Abbas Ibn Firnas of Cordoba: The World's First Pilot, First Aviator
By Mohammad Yacoob
Los Angeles, CA
A period stretching over 700 years witnessed the Islamic world making scientific progress - a period unprecedented in the last three millenniums.
At the beginning of that era, Baghdad was the center of the scientific world, Qutuba Al-Andalus (Cordoba, Spain) became one of the learning centers of the Muslim world, and all this happened when Europe was languishing in the dark ages.
During this period the international language of science was Arabic. Many rulers and caliphs who supported scholarship and science were also the most cultured, passionate and enthusiastic human beings. They not only promoted openness towards other religions and cultures but provided a vibrant sense of optimism and freedom of expression. Cardoba’s greatest years of glory were from 756 to 1031 when it was the capital of al-Andalus. The progressive growth provided increasing importance to Cordoba and made it the largest and greatest city in Europe by the 10 th century, dazzling with its social and multicultural activities, with Muslims, Jews, and Christians intermingling at all levels.
The people were awed by the splendor and magnificence of the caliph’s court and the city of Cordoba, a city that had narrow, cool and paved streets, known for their cleanliness; public lighting; luxurious villas; indoor plumbing for real water closets along the banks of the Gudalquivir river; patios, gardens fountains and public baths.
The activity of buying and selling was organized, like the market places in Moroccan towns, by areas or streets. Those selling perfumes and spices were allowed to trade outside the mosques, but sellers of aromatic goods were moved off to outer areas. The skilled artisans and agricultural infrastructure converted Cordoba into a booming economy. It became famous for its leather and metal work, glazed tiles and textiles. A variety of agricultural goods introduced by Muslims to Europe were astonishingly delicious. They were oranges, lemons, limes, watermelons, figs, pomegranates, almonds, bananas, artichokes, eggplants, spinach, and sugarcane. Among the herbs and spices were cumin, caraway, coriander, fennel, mint, parsley, cloves and nutmeg. Besides, there were cash crops such as cotton, flax and silk.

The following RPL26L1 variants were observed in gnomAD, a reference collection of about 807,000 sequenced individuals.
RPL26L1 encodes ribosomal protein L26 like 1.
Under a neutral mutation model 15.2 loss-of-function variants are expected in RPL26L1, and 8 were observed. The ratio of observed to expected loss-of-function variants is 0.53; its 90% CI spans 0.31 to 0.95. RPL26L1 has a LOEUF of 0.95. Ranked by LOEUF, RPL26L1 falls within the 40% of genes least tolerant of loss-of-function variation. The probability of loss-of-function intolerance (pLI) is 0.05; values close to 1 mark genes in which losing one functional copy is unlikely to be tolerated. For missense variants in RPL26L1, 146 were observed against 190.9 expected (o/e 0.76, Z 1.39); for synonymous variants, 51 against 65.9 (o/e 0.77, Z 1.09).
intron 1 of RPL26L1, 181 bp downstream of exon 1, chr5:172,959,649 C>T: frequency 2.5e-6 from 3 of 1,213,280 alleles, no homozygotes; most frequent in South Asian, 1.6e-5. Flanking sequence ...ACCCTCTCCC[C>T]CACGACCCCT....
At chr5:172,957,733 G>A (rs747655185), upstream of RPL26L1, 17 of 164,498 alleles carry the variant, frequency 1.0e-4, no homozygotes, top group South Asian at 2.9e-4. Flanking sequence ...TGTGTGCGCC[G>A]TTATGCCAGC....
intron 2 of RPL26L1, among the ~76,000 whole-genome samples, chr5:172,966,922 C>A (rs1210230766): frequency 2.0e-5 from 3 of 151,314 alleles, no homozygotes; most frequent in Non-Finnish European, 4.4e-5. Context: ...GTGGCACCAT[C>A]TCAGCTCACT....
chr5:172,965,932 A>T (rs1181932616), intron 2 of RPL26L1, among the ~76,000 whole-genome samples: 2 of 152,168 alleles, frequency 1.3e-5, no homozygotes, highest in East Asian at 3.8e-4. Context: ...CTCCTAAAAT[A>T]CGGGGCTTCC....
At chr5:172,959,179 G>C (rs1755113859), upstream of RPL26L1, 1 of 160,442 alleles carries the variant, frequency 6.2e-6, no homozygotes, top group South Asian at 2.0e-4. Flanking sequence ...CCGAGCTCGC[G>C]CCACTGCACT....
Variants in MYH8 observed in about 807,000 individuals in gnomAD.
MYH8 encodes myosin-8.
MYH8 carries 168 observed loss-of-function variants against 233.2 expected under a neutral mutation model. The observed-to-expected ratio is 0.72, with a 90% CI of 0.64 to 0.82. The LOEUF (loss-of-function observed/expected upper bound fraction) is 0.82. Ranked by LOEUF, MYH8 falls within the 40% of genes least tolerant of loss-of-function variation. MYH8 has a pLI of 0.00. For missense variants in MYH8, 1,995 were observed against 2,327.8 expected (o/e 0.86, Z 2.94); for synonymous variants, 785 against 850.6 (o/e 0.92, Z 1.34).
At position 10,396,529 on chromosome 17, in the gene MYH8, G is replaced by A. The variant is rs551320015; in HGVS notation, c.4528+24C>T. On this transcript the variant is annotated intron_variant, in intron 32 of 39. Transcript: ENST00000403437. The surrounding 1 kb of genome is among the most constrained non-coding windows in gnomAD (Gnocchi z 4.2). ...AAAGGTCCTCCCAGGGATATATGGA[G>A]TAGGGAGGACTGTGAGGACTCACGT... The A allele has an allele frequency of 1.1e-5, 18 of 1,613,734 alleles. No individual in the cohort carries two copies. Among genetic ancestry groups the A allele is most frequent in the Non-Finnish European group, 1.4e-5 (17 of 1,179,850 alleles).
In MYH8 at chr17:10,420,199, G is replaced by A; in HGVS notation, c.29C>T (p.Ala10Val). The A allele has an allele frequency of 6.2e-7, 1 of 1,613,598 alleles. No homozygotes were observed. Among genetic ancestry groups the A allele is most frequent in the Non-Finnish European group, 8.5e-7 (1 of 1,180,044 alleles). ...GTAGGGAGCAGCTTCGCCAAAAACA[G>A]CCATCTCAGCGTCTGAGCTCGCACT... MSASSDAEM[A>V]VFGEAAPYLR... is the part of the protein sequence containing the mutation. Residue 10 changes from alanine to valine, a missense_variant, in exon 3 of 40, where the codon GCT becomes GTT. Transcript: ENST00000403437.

In Cordova pursuit of knowledge and the power of words enjoyed primacy providing an atmosphere conducive to demonstrating your power to express your thoughts, convert them into action and highlight accomplishments. The books on medicine, mathematics, astronomy, botany that were available in Cordoba by constant contact with Baghdad were far in advance of anything that the rest of Europe had to offer at that time.
In this great city, local people alone did not benefit from the available knowledge, others in other parts of the world were among its beneficiaries too. One such example is that of Abbas IbnFirnas who is well known for his attempts at flying in the ninth century.